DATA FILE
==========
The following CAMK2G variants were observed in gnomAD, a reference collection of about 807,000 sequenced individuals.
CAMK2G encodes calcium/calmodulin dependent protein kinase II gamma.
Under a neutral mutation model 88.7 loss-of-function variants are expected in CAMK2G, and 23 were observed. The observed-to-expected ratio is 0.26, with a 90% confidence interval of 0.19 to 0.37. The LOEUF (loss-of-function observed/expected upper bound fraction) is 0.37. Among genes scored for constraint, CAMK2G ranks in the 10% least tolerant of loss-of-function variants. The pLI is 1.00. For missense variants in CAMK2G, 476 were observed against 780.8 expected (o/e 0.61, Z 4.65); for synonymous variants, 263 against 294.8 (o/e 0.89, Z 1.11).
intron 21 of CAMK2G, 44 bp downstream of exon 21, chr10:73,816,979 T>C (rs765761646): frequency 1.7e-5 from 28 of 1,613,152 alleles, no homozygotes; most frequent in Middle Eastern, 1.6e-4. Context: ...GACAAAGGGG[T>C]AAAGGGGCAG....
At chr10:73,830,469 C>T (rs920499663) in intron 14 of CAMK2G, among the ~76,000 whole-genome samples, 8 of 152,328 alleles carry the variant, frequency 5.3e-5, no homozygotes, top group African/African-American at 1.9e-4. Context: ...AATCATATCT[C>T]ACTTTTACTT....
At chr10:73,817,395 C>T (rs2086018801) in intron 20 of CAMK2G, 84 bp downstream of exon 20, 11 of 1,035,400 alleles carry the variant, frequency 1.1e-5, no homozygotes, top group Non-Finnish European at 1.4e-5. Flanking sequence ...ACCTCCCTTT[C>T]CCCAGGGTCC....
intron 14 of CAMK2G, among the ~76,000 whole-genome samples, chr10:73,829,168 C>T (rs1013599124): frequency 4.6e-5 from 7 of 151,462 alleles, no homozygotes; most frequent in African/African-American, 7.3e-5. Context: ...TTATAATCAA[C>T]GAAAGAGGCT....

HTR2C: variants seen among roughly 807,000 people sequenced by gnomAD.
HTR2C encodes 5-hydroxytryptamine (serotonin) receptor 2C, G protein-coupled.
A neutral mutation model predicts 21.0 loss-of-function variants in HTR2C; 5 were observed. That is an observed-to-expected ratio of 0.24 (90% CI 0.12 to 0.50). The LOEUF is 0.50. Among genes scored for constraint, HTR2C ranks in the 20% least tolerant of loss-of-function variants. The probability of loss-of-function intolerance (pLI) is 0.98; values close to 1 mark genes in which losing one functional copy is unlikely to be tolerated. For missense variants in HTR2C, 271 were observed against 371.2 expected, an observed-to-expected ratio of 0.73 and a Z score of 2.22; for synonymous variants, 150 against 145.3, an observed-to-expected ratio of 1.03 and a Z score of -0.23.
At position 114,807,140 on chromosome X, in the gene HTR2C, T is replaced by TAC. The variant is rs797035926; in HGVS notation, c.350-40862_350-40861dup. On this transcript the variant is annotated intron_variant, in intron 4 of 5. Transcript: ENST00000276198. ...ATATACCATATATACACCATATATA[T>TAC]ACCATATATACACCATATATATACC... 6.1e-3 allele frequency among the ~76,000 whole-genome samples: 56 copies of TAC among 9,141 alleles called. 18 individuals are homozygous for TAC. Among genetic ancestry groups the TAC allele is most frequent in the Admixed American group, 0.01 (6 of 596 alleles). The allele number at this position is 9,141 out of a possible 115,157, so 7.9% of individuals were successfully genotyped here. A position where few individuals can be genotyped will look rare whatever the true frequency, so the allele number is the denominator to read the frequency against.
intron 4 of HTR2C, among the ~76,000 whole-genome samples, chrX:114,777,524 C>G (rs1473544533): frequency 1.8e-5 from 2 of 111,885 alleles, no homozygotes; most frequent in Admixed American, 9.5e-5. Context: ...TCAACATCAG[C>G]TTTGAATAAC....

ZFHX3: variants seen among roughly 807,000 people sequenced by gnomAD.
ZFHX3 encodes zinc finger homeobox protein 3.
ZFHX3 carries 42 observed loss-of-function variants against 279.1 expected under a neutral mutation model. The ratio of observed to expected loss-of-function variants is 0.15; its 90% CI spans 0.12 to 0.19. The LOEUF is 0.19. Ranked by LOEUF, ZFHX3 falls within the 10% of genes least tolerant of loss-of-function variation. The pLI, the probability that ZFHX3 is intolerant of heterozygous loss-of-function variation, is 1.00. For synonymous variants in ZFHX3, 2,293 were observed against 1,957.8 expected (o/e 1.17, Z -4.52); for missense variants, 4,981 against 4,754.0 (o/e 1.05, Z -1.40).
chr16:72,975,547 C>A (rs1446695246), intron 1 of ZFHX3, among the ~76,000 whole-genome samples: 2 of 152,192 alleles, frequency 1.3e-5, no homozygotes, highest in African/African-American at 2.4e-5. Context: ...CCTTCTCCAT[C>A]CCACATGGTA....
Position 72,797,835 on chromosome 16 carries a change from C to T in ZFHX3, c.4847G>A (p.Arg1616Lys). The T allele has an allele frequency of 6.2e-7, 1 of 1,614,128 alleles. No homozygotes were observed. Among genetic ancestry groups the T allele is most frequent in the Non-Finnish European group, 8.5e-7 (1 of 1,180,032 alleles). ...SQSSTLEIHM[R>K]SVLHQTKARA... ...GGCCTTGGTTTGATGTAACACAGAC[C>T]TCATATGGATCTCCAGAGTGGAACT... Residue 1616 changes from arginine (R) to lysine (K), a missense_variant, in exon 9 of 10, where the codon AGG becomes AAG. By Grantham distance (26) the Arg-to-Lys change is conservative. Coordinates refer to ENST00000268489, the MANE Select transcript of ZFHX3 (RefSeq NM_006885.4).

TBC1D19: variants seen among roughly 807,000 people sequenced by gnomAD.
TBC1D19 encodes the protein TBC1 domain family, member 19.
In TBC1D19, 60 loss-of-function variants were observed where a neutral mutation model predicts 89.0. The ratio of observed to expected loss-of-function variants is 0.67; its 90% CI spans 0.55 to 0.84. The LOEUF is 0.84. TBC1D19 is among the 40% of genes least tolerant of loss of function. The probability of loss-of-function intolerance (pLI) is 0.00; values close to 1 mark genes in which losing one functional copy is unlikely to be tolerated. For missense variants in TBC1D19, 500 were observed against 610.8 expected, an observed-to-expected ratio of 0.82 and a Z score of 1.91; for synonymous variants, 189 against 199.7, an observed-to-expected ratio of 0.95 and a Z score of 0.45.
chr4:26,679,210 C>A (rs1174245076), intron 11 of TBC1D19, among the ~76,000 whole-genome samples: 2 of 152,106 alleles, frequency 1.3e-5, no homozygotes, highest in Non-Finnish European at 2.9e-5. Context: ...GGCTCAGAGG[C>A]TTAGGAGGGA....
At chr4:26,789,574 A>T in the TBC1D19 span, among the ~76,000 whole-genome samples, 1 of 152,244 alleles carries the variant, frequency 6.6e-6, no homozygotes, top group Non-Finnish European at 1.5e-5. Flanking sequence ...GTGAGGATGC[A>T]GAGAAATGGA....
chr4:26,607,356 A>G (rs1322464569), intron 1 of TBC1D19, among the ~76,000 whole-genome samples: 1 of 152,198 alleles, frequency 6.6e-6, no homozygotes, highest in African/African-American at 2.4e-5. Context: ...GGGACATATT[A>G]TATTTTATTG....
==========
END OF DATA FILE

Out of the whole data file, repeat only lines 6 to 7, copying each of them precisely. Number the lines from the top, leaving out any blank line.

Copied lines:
At chr10:73,817,395 C>T (rs2086018801) in intron 20 of CAMK2G, 84 bp downstream of exon 20, 11 of 1,035,400 alleles carry the variant, frequency 1.1e-5, no homozygotes, top group Non-Finnish European at 1.4e-5. Flanking sequence ...ACCTCCCTTT[C>T]CCCAGGGTCC....
intron 14 of CAMK2G, among the ~76,000 whole-genome samples, chr10:73,829,168 C>T (rs1013599124): frequency 4.6e-5 from 7 of 151,462 alleles, no homozygotes; most frequent in African/African-American, 7.3e-5. Context: ...TTATAATCAA[C>T]GAAAGAGGCT....